Starring: Jean Hagan, Sterling Hayden, Louis Calhern, Marilyn Monroe
Director: John Huston
A group of men plot the perfect crime, but it all goes wrong when they heist comes off and they start to double cross each other.
Perhaps at this stage in film history it wasn’t really acceptable to show criminals getting away with the perfect crime (Google the Production Code, for early censorship and for what you could and couldn’t show in a film before the ratings system). Which is sad, because there’s something very likable about all the characters here, as they all fall, one by one.
Each character is carefully delineated, individual, with their own reasons for being there. The film focuses on the interrelationships between them, then the carefully orchestrated jewel robbery, and then the characters as they are undone, and try to cheat each other. Perhaps my favourite is a man called Dix (Hayden), who wants the money to buy back the horse farm that his family lost during the Depression. His loyal girlfriend sticks with him as it all falls apart, and tries to save him right up to the tragic end, when he’s injured and a wanted man.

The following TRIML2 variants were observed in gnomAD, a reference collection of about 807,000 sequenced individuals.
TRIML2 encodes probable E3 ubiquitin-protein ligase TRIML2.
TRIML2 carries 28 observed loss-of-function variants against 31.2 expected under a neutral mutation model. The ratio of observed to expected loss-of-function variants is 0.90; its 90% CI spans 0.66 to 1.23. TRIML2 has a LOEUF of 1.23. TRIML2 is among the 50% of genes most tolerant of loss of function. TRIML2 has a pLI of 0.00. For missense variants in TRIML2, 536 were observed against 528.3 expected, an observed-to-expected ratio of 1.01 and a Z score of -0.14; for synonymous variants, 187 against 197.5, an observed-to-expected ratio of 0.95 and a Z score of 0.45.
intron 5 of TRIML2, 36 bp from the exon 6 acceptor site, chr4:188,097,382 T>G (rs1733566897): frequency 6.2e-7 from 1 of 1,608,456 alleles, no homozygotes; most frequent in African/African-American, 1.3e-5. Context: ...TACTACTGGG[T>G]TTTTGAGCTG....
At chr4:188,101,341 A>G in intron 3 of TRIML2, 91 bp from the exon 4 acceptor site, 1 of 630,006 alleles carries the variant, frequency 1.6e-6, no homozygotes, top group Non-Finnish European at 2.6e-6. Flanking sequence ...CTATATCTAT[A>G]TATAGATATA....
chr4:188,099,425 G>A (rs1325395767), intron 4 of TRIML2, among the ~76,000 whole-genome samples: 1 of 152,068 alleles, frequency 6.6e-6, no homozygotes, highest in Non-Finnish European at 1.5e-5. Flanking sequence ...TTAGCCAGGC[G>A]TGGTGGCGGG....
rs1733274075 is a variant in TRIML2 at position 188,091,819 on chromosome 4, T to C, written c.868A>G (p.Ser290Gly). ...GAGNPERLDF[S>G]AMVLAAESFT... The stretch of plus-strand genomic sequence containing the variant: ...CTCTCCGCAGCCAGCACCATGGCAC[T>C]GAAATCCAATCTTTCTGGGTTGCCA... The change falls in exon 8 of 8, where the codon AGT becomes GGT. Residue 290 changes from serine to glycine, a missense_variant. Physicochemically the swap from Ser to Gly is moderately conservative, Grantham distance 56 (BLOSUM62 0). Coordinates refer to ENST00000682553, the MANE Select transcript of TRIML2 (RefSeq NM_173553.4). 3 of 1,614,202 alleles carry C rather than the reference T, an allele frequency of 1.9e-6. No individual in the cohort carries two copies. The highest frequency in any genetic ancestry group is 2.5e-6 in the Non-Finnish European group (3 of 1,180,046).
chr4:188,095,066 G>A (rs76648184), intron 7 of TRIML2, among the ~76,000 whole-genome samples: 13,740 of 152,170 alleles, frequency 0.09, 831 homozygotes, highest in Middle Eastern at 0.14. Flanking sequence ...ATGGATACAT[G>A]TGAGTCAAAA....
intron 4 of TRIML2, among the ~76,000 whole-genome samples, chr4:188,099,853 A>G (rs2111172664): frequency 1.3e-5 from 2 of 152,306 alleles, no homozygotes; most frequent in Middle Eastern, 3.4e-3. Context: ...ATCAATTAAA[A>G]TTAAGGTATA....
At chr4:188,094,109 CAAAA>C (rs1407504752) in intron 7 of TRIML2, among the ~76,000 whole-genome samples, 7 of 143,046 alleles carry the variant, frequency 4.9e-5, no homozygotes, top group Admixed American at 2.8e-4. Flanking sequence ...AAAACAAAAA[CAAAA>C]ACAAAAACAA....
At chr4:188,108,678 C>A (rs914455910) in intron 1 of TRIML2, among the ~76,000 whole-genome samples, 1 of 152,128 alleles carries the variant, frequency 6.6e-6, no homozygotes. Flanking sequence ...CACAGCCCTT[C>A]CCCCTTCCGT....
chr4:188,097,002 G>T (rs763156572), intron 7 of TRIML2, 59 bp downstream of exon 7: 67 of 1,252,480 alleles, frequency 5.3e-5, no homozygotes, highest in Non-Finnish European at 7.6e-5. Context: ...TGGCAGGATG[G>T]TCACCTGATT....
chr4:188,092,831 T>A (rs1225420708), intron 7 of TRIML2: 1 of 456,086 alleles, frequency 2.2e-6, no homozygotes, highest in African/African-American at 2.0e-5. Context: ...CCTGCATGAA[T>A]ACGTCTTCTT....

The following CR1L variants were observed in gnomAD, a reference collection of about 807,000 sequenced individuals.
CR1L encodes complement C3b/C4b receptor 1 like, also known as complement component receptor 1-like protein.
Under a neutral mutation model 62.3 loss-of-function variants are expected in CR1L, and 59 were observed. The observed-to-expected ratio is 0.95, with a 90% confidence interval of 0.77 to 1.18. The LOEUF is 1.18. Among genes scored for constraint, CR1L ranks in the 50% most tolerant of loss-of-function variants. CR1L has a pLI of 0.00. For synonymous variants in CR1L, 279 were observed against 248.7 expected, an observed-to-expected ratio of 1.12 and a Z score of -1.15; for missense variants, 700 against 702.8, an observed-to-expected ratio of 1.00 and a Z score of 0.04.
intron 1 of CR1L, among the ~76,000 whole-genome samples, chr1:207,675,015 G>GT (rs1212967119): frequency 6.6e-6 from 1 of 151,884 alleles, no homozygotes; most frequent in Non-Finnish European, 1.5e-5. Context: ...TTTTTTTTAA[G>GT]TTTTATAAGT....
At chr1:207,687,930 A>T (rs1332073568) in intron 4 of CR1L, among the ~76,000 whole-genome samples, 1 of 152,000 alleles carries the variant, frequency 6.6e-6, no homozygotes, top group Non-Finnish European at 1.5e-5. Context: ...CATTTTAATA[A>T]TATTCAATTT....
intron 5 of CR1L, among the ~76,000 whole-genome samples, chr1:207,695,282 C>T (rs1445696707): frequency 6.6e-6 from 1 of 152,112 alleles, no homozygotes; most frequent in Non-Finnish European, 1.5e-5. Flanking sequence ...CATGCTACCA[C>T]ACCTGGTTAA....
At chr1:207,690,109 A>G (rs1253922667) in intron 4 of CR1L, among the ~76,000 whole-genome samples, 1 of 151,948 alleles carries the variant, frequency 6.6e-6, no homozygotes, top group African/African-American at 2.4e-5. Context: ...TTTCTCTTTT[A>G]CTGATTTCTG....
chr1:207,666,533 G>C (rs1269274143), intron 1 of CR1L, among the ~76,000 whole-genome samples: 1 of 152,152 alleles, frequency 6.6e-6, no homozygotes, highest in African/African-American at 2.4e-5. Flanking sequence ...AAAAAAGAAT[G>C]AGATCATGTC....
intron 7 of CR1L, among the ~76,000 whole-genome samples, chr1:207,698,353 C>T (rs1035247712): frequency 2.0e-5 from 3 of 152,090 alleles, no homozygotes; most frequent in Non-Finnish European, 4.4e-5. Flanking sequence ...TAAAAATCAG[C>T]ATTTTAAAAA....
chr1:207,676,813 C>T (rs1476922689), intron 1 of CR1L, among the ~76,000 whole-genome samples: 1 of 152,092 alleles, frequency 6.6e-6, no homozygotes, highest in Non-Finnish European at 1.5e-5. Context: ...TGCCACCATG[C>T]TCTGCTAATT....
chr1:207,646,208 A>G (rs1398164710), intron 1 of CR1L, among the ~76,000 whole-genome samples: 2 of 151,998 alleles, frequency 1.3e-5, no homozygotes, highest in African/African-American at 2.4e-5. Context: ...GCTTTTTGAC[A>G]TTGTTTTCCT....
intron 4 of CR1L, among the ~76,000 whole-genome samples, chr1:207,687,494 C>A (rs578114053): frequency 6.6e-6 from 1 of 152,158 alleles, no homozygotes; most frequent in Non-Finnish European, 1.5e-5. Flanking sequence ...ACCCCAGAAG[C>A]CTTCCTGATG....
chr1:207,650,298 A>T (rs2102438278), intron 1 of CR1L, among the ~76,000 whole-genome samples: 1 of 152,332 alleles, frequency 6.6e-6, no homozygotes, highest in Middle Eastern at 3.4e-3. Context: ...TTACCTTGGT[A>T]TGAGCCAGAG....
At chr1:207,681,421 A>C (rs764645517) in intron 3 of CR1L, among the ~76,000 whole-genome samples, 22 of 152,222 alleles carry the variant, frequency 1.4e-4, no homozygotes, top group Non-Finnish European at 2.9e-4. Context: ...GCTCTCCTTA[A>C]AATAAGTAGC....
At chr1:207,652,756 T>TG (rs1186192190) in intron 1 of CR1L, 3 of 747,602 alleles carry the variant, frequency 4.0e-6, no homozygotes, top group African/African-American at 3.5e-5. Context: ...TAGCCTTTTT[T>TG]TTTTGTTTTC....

The other notable actor here is Monroe, finding her feet as a soft, vulnerable blonde cared for by an older man, Emmerich, who needs her to lie for him to give him an alibi. It’s one of her earliest roles, and of course she sparkles, though her part is only small.
No one here is a hero, but they’re almost all very likable and desperate men, and Huston manages to make you feel for them, and hope they get away with it, though their defeat is inevitable.
See It If: one for Monroe fans who wish to see her early work, but a fine crime film with strong performances.